Was Fidel Paying Attention?
THOSE hoping for something startling from Mikhail Gorbachev's visit to Cuba were disappointed. On the surface, it was an opportunity for old comrades to affirm their solidarity. But tensions were just below the surface, and they sometimes poked through the obligatory rhetoric.
The Soviet leader's rejection of ``doctrines which justify the export of revolution'' jars with Fidel Castro's fervent support for Marxist revolutionaries abroad. The Soviet statement was welcome in Washington, though it was twinned with a condemnation of the export of ``counterrevolution,'' code for United States support for the Nicaraguan contras. The implication being, perhaps, that one kind of export will stop when the other does.
That complicates things, but it may present an opening for negotiation. While Mr. Castro criticized the recent political compromise in Washington that allowed continued humanitarian aid for the contras, Costa Rican President Oscar Arias has praised the arrangement and has called on Cuba and the Soviet Union to stop arming Central America's revolutionaries.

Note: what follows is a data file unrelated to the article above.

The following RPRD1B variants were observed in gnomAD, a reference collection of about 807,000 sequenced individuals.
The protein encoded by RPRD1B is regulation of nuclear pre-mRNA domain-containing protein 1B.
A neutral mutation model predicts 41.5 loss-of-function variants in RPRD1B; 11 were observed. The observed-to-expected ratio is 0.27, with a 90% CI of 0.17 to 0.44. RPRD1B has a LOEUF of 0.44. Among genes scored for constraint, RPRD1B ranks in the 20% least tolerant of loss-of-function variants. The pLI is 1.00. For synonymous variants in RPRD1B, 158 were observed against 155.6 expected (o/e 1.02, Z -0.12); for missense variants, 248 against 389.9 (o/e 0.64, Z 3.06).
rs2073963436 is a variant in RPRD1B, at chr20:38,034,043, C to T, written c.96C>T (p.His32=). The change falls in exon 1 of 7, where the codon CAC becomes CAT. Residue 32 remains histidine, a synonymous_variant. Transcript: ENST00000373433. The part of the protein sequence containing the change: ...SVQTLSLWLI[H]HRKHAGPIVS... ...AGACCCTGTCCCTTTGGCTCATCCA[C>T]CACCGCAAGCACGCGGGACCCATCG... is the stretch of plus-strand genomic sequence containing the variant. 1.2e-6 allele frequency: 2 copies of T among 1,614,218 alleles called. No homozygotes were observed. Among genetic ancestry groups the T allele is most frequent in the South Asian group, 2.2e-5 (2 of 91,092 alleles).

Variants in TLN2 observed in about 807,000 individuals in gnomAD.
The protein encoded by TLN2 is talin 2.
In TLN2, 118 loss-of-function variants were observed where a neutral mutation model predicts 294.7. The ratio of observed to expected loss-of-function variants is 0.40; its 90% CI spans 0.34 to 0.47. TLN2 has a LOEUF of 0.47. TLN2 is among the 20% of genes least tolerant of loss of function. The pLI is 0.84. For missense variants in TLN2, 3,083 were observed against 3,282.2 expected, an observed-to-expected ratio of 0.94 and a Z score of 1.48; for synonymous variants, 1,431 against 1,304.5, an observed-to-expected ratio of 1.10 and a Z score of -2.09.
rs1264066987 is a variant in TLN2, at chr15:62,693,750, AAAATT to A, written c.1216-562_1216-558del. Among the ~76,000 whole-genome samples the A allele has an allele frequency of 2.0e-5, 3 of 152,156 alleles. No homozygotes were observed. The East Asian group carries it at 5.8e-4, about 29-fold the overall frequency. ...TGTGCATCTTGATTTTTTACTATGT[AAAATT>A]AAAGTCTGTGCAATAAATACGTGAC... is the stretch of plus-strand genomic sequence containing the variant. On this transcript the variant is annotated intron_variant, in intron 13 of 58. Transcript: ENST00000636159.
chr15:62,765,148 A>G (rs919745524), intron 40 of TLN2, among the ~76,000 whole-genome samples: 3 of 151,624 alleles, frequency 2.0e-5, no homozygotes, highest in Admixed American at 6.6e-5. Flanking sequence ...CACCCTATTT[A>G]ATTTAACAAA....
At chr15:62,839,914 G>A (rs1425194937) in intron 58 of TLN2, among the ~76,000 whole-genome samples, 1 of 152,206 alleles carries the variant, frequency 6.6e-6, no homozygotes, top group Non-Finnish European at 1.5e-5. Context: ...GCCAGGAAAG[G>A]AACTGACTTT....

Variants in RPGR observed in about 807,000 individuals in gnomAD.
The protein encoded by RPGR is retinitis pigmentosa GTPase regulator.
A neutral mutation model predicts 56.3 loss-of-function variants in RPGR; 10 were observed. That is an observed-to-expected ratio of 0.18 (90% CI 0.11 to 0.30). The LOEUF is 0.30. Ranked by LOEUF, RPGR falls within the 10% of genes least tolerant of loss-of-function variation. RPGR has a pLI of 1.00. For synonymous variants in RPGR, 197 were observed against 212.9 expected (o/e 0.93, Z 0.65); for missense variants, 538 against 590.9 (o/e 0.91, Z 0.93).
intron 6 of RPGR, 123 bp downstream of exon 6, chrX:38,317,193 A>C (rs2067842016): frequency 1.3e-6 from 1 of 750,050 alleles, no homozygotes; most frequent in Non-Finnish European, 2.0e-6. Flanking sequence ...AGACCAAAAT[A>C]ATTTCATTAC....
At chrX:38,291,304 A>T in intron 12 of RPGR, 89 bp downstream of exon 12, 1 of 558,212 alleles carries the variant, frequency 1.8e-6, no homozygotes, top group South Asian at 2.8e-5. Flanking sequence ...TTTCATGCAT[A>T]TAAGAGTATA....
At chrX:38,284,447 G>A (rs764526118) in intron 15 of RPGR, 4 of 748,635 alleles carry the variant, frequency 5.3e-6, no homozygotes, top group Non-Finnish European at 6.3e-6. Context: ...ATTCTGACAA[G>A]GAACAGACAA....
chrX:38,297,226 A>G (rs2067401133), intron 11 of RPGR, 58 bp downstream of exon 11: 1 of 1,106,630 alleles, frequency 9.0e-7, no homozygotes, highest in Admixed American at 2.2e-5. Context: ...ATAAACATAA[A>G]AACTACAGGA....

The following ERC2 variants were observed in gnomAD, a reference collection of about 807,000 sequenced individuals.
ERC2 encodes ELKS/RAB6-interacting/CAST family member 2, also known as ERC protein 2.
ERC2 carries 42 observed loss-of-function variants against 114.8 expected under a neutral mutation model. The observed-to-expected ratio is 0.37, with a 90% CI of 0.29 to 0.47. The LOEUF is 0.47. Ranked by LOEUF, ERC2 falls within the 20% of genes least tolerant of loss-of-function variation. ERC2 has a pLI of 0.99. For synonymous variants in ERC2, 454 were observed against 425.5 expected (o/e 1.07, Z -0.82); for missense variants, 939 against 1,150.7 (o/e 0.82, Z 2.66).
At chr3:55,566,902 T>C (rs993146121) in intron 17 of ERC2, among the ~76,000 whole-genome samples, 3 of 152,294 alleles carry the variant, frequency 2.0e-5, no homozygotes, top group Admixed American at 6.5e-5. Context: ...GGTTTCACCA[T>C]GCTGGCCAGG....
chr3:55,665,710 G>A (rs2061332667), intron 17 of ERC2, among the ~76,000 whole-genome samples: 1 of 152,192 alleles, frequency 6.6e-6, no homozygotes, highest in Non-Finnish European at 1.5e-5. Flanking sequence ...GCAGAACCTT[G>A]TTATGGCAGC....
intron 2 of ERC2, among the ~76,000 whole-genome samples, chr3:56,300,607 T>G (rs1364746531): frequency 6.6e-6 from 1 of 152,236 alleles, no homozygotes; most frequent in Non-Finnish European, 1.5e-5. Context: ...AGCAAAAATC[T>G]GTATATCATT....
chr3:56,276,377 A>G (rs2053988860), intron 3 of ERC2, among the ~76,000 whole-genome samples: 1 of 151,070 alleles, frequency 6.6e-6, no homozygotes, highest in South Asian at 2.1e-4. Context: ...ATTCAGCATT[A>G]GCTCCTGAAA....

We hope the communist leaders were listening. Mr. Gorbachev has reason to help in the Central America peace effort, since better ties to the West - one of his goals - could result. The last thing he needs is a blustery Castro interfering with his ``new politics'' of cooperation.
The Soviets, of course, have plenty of leverage in Cuba. Their aid keeps Castro afloat. Gorbachev might like to see reform given a chance to work on the island's foundering economy. But Castro made it clear, yet again, that perestroika and glasnost are not for him.
If the reform-minded Kremlin chief had an underlying message for Castro, therefore, it may have been, ``Do what you want in Cuba, but don't do anything that torpedoes Soviet relations with the West.''
Which allows the still fervid Fidel Castro to keep practicing the ``old politics,'' preferably just at home.